Tuesday, November 8, 2011

I've Seen a Ghost...


About 50 years ago, when I was a feral 10 year-old growing up in the Sussex countryside, I was mooching through the reed beds at the head of Fishbourne Creek in Chichester harbour at dusk when a large brown bird rose up in front of me and flapped slowly above my head, transfixing me with a penetrating stare of its raptorial eyes. I knew instantly what it was - a marsh harrier - because I'd spent hours scrutinising the pictures in P.A.D. Hollom's Popular Handbook of British Birds in the library - and had the usually schoolboy obsession with rarities. Trouble was, no one would believe me. In those days marsh harriers were rarer than they are today, especially in that part of Britain (where there were, then, some ruthless gamekeepers that shot everything with a hooked beak and proudly hung it all on a gibbet) so all the wildlife 'experts' that I mentioned it to gave me a condescending smile and told me I must have got it wrong. I even began to wonder whether I'd imagined the encounter... but I knew what I'd seen.

I'm sorry to admit, to my shame, that I lapsed into 'wildlife expert' mode a couple of days ago. We were walking up a little valley near St. John's Chapel in Weardale when my wife, who was about ten yards ahead of me, turned and said "Look! A red squirrel". 
Now the last time I saw a red squirrel in the middle section of Weardale must have been about twenty years ago and - apart from a small population right up at the head of the dale, at Killhope (see pictures and post here) - it seems to be generally agreed that they are extinct here.
So my instant reaction was a dismissive "No, it can't be. They're long gone. Must be a grey squirrel with a  tinge of brown fur".

But it was indeed a red squirrel. A ghost from the past - except that it was as large and life and scolding us as it raced from the ground up the trunk of a larch tree. 

So I had to apologise for my shameful scepticism pretty quickly. It reminded me of why I've never like the term 'expert', which all-too-often equates with 'know-all".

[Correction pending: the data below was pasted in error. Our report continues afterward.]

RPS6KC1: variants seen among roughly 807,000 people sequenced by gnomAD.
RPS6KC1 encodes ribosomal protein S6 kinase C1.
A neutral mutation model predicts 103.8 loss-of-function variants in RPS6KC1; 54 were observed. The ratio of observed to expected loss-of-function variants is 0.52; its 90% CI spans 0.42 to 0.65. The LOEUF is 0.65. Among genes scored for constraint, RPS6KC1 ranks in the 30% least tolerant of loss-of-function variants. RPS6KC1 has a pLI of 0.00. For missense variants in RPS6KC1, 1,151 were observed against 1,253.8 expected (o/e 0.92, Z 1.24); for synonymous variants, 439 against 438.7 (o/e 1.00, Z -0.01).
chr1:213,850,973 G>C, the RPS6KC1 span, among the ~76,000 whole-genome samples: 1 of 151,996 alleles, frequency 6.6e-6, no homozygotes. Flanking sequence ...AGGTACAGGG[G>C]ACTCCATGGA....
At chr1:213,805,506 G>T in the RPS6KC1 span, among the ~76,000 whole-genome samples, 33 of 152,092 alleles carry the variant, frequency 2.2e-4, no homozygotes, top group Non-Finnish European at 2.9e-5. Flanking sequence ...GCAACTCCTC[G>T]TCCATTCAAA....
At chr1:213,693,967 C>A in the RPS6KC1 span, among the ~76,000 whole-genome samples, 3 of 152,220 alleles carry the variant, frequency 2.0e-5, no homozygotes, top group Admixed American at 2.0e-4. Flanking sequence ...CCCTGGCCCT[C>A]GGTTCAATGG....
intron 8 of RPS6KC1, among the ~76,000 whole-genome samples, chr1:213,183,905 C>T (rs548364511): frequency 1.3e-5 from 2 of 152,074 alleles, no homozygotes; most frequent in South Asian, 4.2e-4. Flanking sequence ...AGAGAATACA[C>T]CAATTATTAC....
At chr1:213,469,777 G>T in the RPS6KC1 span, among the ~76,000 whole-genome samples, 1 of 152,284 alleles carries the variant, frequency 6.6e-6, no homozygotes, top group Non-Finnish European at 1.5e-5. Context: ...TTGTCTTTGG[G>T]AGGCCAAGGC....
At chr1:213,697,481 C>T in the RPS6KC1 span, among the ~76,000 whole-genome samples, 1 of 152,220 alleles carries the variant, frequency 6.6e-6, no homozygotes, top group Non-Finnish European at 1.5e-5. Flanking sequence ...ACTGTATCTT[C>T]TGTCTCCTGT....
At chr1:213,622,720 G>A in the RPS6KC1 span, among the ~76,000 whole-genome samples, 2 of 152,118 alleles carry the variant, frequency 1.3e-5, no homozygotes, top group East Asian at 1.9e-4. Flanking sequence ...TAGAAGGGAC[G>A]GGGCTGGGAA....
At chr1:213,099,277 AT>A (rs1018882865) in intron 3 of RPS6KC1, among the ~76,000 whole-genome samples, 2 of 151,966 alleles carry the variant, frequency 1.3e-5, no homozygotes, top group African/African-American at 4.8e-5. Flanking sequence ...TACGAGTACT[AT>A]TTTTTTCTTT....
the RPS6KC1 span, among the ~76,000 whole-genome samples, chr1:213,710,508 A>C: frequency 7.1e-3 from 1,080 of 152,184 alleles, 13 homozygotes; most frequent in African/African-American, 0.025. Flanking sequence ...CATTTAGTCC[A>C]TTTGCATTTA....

Anyway, having got that admission off my chest, isn't this a lovely animal?

As we watched it leap from tree to tree it sent down a shower of golden larch needles every time it landed on a branch.



These are big enlargements of small sections of the whole image,so the quality isn't great, but who cares!




Magnificent ear tufts...


The big question, of course, is where did this animal come from? It's very unlikely that it made it down the dale from the distant population at Killhope - most of the intervening territory is open moorland. There are a lot of predators that could catch and kill it in the open (at one point on Sunday we watched eight buzzards soaring overhead). 
This larch plantation is too small to support a red squirrel population all year-round, but there is another much larger conifer plantation about a mile away, that might conceivably shelter a relict population.
Or maybe this is the result of someone's freelance red squirrel reintroduction programme?

There are no answers at the moment but it was a magical - and, I have to admit - humbling encounter.

22 comments:

  1. i do so love the ears on a red squirrel!

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  2. What a marvellous encounter. I would love to see a Red. Let's hope that they thrive and expand.

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  3. You were lucky to see it and have a camera handy! We have a similar red squirrel- the Malabar red squirrel, which I have caught sight of only once in the jungle.

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  4. Hi Phil. Super images!!